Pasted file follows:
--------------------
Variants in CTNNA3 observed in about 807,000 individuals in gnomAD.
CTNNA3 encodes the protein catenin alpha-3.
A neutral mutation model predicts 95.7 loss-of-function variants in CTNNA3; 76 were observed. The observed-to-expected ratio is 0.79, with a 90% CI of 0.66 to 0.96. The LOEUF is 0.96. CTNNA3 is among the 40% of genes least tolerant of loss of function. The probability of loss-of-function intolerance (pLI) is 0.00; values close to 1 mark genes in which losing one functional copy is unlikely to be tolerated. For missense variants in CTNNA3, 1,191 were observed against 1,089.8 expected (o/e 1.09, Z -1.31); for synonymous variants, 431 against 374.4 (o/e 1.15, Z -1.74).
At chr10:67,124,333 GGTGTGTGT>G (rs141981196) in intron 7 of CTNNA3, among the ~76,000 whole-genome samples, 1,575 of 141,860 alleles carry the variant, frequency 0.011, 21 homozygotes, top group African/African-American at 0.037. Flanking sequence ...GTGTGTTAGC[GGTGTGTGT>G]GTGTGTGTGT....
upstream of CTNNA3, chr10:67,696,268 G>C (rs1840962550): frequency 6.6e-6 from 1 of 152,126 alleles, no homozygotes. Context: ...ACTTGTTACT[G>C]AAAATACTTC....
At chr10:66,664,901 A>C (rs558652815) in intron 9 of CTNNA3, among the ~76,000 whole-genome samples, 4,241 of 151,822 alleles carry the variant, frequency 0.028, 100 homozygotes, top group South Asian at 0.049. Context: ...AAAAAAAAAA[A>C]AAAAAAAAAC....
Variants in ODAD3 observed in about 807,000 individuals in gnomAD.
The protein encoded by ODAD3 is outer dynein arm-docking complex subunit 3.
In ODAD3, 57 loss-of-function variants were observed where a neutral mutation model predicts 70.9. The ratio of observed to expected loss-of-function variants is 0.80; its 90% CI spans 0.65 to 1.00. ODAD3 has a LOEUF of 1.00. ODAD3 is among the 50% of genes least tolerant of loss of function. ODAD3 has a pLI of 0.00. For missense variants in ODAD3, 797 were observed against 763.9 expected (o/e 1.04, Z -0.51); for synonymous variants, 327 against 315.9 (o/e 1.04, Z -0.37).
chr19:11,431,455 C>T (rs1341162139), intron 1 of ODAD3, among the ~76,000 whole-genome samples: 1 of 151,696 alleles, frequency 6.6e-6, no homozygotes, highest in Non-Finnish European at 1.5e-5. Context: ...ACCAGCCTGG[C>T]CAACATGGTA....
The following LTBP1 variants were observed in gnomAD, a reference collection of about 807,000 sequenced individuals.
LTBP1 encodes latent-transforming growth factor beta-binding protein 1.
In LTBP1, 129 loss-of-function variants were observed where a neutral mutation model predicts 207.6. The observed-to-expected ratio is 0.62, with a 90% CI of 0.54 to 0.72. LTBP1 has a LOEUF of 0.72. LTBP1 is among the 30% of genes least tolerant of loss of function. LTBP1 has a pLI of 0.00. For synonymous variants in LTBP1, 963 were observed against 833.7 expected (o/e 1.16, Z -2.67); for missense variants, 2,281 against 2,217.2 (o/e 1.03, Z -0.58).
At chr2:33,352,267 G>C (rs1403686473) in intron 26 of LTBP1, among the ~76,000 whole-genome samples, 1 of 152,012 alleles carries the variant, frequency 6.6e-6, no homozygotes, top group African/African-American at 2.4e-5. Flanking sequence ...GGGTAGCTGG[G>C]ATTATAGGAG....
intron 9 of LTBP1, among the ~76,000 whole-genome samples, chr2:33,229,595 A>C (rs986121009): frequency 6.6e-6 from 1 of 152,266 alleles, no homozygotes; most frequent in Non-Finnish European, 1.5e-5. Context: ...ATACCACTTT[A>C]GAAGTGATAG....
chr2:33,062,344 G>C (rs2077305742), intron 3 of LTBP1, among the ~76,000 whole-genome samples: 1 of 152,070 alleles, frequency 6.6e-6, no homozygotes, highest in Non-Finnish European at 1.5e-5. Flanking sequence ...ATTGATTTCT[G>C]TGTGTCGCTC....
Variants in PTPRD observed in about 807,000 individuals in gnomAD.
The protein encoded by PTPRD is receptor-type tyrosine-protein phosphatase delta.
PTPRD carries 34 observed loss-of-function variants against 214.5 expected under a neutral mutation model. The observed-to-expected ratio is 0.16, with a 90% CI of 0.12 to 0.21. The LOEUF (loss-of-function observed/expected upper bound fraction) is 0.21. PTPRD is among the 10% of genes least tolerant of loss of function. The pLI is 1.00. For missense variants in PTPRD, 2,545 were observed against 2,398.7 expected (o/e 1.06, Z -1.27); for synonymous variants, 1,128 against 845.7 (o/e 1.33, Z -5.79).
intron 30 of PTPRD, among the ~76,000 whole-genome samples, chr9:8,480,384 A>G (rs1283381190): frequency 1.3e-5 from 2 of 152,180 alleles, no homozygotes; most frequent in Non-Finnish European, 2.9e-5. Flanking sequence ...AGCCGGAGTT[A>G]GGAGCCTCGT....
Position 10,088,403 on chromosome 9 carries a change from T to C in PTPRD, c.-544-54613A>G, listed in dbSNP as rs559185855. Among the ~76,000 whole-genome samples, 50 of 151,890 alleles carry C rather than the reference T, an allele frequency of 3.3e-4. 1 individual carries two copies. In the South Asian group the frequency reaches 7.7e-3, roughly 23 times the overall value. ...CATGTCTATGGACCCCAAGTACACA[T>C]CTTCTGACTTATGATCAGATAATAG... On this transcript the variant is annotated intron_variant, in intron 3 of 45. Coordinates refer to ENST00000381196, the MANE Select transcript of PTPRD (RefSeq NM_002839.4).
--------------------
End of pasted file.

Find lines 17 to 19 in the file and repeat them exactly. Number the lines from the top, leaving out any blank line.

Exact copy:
Variants in PTPRD observed in about 807,000 individuals in gnomAD.
The protein encoded by PTPRD is receptor-type tyrosine-protein phosphatase delta.
PTPRD carries 34 observed loss-of-function variants against 214.5 expected under a neutral mutation model. The observed-to-expected ratio is 0.16, with a 90% CI of 0.12 to 0.21. The LOEUF (loss-of-function observed/expected upper bound fraction) is 0.21. PTPRD is among the 10% of genes least tolerant of loss of function. The pLI is 1.00. For missense variants in PTPRD, 2,545 were observed against 2,398.7 expected (o/e 1.06, Z -1.27); for synonymous variants, 1,128 against 845.7 (o/e 1.33, Z -5.79).